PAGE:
This year has exposed the uncomfortable truth that many in the music industry are struggling to keep their heads above water both financially and emotionally. The pandemic has destroyed the touring eco-system and underlined the endemic issues caused by loss of income due to streaming.
Paradoxically the Internet which caused the collapse of physical record buying, could actually offer some useful solutions. Since lockdown began musicians have been diversifying into live-streaming and using their social media to connect with fans.
Platforms like Instagram and YouTube offer further opportunities but these may veer too close to asking musicians to become influencers or vloggers for some to be entirely comfortable. Selling out might be an outdated concept but there are still some limits. And while crowdfunding for individual projects has been helpful in the past, many have been burned by the Pledge Music scandal which left artists and fans out of pocket and suspicious of digital middle men.
In contrast the direct funding site Patreon seems to be much less of a risky endeavour. Artists ask for monthly donations in return for tiered rewards which are usually content based rather than linked to physical products – for example exclusive live-streams, q and as, discounts on merch, first opportunities to buy tickets for shows, written updates, cover songs, workshops, meet and greets etc. Some do offer physical products but there seems to be less potential for issues if Patreon ceased to exist.
Like the name suggests this is inspired by the original idea of patronage where someone with money supported an artist just to do their work. The site’s model goes further than this by incorporating ideas from social media to help create communities of fans, letting them connect with the artist on a new level. Most fans donating will likely buy albums too so this becomes an additional rather than a replacement source of funding.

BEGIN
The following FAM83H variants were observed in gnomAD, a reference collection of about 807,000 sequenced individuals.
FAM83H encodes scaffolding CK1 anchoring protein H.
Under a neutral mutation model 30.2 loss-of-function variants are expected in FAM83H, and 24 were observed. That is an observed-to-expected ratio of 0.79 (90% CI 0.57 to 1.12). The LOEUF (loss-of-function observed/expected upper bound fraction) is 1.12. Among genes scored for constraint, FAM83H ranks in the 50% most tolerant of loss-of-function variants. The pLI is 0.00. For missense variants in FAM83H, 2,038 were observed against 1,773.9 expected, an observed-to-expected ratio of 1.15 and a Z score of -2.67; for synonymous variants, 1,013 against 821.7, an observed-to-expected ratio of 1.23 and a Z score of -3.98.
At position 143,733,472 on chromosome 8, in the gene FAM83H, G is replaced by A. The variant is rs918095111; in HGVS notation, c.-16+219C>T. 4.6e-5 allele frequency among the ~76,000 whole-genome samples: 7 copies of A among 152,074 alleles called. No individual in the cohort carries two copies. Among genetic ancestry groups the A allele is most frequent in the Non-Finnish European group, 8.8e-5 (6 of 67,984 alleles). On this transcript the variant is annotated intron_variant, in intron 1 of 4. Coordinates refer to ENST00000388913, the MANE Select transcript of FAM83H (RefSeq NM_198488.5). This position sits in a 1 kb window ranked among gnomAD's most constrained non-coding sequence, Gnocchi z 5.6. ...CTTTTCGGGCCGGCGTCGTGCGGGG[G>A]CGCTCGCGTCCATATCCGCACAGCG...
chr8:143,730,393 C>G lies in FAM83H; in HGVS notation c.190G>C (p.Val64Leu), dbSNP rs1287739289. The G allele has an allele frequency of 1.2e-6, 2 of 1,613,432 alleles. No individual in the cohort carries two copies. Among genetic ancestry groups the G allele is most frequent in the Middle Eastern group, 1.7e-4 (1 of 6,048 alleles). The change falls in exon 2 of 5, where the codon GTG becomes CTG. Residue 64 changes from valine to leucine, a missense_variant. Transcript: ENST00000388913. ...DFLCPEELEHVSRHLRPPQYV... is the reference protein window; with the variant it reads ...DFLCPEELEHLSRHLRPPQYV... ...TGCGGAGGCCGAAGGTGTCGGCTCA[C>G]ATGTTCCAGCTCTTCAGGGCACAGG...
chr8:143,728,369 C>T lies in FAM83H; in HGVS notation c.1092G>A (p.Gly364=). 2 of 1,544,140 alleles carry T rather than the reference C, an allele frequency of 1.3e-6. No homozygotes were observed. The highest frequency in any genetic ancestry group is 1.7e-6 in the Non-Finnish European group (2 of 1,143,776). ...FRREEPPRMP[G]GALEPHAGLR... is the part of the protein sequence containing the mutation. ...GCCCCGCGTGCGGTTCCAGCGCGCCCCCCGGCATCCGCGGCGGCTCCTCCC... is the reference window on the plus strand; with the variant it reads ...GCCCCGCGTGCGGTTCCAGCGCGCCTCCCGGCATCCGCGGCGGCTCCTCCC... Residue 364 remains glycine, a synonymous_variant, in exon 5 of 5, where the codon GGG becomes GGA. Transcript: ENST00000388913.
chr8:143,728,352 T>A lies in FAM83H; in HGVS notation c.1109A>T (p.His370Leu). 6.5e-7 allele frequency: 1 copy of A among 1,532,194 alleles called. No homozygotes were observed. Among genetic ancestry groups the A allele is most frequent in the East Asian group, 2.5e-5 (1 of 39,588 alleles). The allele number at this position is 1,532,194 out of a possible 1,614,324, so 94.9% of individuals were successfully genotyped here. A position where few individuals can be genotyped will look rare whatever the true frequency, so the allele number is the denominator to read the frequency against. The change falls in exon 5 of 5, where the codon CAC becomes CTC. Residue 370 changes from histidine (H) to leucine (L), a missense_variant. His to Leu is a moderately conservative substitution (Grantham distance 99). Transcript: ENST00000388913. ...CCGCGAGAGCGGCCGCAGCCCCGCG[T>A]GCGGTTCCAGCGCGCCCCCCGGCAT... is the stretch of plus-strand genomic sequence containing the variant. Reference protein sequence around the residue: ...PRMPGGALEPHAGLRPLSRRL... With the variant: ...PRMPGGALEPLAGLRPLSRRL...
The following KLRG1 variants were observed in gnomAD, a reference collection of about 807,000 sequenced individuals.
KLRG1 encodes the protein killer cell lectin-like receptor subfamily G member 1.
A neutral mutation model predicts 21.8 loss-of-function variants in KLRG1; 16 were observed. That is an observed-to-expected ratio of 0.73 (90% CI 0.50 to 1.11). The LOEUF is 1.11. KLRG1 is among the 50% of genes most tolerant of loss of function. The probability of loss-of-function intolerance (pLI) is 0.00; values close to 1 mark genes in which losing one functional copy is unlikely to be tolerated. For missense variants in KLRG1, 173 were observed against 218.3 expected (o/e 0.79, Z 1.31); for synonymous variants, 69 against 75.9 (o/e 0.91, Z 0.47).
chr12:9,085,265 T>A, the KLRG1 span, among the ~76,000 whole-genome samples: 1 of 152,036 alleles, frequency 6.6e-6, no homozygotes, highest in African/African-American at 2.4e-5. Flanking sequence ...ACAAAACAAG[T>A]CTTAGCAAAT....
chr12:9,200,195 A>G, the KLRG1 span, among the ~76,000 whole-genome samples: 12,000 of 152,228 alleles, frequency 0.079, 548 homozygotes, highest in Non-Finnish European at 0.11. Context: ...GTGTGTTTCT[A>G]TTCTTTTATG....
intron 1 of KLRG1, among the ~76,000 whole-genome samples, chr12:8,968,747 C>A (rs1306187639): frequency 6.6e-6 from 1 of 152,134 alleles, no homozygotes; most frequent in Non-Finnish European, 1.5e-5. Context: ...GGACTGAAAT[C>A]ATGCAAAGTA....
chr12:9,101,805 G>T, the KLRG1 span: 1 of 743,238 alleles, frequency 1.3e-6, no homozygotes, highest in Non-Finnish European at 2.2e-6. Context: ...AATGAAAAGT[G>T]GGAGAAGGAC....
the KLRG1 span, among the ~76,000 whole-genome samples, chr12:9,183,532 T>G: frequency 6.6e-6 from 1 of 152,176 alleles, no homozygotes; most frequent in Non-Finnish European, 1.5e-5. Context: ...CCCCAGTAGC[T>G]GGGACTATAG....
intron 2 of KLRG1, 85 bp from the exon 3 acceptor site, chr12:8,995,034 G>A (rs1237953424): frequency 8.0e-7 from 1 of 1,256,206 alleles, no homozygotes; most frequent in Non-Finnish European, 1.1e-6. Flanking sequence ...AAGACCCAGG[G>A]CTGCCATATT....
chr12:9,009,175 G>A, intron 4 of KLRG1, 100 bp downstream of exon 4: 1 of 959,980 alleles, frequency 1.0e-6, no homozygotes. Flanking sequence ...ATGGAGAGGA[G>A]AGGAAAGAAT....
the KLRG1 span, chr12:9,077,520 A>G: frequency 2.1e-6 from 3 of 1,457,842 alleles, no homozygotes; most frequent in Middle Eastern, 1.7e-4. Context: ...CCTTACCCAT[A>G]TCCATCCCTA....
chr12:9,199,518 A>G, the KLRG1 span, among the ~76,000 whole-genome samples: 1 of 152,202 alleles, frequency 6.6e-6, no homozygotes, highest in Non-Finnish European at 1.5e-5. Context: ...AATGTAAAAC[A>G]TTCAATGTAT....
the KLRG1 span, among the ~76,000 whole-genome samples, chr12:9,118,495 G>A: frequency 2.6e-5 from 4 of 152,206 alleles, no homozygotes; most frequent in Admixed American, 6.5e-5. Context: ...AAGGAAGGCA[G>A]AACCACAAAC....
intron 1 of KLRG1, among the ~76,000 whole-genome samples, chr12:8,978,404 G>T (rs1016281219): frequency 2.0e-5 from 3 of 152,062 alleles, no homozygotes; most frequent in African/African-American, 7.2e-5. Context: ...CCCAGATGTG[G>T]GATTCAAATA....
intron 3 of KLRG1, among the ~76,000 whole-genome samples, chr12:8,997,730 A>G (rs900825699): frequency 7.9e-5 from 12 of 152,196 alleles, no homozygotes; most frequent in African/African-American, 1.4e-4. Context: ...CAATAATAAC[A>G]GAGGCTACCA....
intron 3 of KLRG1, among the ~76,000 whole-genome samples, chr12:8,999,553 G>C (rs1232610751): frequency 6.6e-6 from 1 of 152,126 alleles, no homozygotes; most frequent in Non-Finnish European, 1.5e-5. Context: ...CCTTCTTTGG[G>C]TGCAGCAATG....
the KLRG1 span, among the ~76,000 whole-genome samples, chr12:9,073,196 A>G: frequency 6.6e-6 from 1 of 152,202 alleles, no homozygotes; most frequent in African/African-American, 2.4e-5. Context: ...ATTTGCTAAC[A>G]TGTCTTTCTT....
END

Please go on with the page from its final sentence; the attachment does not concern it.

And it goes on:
Personally I’m happy to just donate without rewards but I can see the added value in what many artists are offering. When I asked about the site on Twitter I received only positive feedback from fans and artists alike. For once this seems to be working for everyone.
The only problem with Patreon then is choosing how to spend your money if you are lucky enough to have some extra to give. There are hundreds of worthy artists all needing your help. My plan is to donate a certain amount of money each month and then rotate to new artists after six months. Some might prefer just to choose one favourite and give them as much as they can afford.
If you are looking for options here is a list of women in music who are currently using Patreon – all of whom have been featured on Highway Queens in the past. Click below to help support the future of music:
Going forward I will make sure to also link to an artist’s Patreon page on my reviews alongside their Bandcamp! Every little helps!
I absolutely endorse your recommendation – Patreon is a brilliant way to support musicians and the ‘benefits’ in terms of learning about creative processes, hearing try-outs of new material and just getting to know the artist are tremendous (much better than material rewards IMHO).
The problem is, as you say, selecting which musicians to support and Patreon does make me wish I was richer! Along with Amy Speace other artists not listed I currently support are Jess Klein, Jill Jackson, Jaimee Harris and Alice Wallace.
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Totally – it just makes me want to be rich!Thanks for the further suggestions! I ended up just limiting this list to artists I have reviewed on the blog as that seemed to be the easiest way for me to check who was using it. So many other amazing artists on there too!